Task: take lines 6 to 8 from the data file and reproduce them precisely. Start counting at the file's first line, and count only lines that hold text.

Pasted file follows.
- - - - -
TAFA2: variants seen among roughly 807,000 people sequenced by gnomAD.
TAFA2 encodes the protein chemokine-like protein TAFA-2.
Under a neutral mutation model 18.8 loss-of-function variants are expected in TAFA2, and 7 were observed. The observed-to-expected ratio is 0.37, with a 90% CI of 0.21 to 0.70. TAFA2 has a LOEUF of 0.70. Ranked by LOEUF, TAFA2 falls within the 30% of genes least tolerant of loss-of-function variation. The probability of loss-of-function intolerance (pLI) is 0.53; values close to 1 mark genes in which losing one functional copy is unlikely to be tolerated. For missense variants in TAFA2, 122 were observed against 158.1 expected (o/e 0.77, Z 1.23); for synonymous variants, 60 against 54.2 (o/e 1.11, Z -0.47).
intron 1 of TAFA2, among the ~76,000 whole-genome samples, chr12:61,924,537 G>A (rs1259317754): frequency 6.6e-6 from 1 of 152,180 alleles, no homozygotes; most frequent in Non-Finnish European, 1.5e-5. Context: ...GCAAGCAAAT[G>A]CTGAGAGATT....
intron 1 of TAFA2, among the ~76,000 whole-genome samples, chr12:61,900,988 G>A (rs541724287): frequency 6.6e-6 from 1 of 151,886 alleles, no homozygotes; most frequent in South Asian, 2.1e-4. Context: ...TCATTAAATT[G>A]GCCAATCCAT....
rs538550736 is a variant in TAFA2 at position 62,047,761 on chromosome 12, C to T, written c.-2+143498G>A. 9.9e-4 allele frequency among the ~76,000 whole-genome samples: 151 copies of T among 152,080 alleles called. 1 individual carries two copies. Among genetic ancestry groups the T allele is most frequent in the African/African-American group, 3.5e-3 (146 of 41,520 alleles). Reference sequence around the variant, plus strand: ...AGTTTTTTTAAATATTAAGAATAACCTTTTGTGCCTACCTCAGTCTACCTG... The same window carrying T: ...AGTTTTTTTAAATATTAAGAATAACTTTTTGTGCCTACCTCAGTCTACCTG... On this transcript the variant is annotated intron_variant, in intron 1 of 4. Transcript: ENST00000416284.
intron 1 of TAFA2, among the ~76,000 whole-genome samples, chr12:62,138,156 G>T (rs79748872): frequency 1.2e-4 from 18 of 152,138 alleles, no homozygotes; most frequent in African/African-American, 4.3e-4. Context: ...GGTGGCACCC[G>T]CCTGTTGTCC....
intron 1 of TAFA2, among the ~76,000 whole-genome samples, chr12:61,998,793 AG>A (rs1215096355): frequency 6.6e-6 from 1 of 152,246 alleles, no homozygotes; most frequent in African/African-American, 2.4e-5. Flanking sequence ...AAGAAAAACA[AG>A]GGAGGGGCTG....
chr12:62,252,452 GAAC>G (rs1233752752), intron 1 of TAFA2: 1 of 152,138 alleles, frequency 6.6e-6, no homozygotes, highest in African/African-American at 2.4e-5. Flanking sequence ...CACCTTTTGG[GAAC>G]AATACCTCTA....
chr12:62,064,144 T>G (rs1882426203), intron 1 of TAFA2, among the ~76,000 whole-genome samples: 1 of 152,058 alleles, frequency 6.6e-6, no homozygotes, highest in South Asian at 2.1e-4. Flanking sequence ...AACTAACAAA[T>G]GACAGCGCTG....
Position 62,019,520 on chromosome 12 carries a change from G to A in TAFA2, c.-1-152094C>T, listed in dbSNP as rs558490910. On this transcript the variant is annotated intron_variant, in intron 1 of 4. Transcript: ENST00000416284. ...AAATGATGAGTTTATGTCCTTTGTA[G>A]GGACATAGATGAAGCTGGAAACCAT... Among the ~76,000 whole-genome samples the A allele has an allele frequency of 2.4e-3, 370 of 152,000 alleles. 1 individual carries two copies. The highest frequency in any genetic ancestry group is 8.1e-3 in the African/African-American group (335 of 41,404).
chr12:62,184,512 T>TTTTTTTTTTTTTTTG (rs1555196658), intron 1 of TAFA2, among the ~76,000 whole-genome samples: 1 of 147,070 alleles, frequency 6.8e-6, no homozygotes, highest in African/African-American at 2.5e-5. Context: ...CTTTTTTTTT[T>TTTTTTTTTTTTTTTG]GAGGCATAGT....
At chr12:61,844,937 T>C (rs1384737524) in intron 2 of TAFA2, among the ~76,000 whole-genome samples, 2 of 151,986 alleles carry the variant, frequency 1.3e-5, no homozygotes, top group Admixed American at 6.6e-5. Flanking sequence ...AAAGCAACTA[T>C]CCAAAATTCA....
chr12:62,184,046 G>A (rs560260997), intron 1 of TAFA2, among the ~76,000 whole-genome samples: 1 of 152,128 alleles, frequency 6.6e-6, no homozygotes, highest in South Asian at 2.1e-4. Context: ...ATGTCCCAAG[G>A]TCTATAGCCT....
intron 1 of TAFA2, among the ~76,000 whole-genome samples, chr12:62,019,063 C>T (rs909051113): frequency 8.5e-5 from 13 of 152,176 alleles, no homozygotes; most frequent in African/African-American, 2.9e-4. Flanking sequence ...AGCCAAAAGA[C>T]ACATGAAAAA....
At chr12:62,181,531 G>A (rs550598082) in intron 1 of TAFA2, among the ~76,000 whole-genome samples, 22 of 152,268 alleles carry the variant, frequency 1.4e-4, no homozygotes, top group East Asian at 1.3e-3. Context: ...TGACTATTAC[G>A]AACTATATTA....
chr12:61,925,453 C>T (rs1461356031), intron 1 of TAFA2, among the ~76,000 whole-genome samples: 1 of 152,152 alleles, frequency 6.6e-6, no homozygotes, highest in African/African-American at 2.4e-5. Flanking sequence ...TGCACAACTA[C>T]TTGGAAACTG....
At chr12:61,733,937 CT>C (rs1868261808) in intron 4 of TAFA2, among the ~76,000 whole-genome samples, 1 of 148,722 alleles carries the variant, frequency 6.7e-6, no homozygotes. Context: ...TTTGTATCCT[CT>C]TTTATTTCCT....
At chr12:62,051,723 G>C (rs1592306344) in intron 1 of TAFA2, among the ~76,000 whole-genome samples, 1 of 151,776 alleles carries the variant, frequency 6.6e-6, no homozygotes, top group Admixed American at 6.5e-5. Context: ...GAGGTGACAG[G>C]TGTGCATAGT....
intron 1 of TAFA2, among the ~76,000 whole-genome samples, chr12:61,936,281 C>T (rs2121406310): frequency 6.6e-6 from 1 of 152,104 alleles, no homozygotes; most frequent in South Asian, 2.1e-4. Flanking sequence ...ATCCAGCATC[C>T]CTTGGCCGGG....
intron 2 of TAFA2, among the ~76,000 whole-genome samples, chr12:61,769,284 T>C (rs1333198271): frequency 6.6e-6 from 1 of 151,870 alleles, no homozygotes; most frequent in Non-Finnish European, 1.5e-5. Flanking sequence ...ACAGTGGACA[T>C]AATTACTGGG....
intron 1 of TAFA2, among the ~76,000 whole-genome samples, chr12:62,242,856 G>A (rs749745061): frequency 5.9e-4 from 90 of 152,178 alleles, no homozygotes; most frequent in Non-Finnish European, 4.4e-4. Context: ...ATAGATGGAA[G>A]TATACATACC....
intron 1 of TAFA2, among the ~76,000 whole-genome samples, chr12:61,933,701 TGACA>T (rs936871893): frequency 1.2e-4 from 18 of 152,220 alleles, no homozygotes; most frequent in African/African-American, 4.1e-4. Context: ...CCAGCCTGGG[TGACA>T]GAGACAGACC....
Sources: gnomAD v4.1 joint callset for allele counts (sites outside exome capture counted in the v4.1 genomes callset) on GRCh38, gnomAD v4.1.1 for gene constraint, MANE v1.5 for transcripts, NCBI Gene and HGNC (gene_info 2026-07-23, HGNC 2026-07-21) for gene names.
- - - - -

rs538550736 is a variant in TAFA2 at position 62,047,761 on chromosome 12, C to T, written c.-2+143498G>A. 9.9e-4 allele frequency among the ~76,000 whole-genome samples: 151 copies of T among 152,080 alleles called. 1 individual carries two copies. Among genetic ancestry groups the T allele is most frequent in the African/African-American group, 3.5e-3 (146 of 41,520 alleles). Reference sequence around the variant, plus strand: ...AGTTTTTTTAAATATTAAGAATAACCTTTTGTGCCTACCTCAGTCTACCTG... The same window carrying T: ...AGTTTTTTTAAATATTAAGAATAACTTTTTGTGCCTACCTCAGTCTACCTG... On this transcript the variant is annotated intron_variant, in intron 1 of 4. Transcript: ENST00000416284.
intron 1 of TAFA2, among the ~76,000 whole-genome samples, chr12:62,138,156 G>T (rs79748872): frequency 1.2e-4 from 18 of 152,138 alleles, no homozygotes; most frequent in African/African-American, 4.3e-4. Context: ...GGTGGCACCC[G>T]CCTGTTGTCC....
intron 1 of TAFA2, among the ~76,000 whole-genome samples, chr12:61,998,793 AG>A (rs1215096355): frequency 6.6e-6 from 1 of 152,246 alleles, no homozygotes; most frequent in African/African-American, 2.4e-5. Flanking sequence ...AAGAAAAACA[AG>A]GGAGGGGCTG....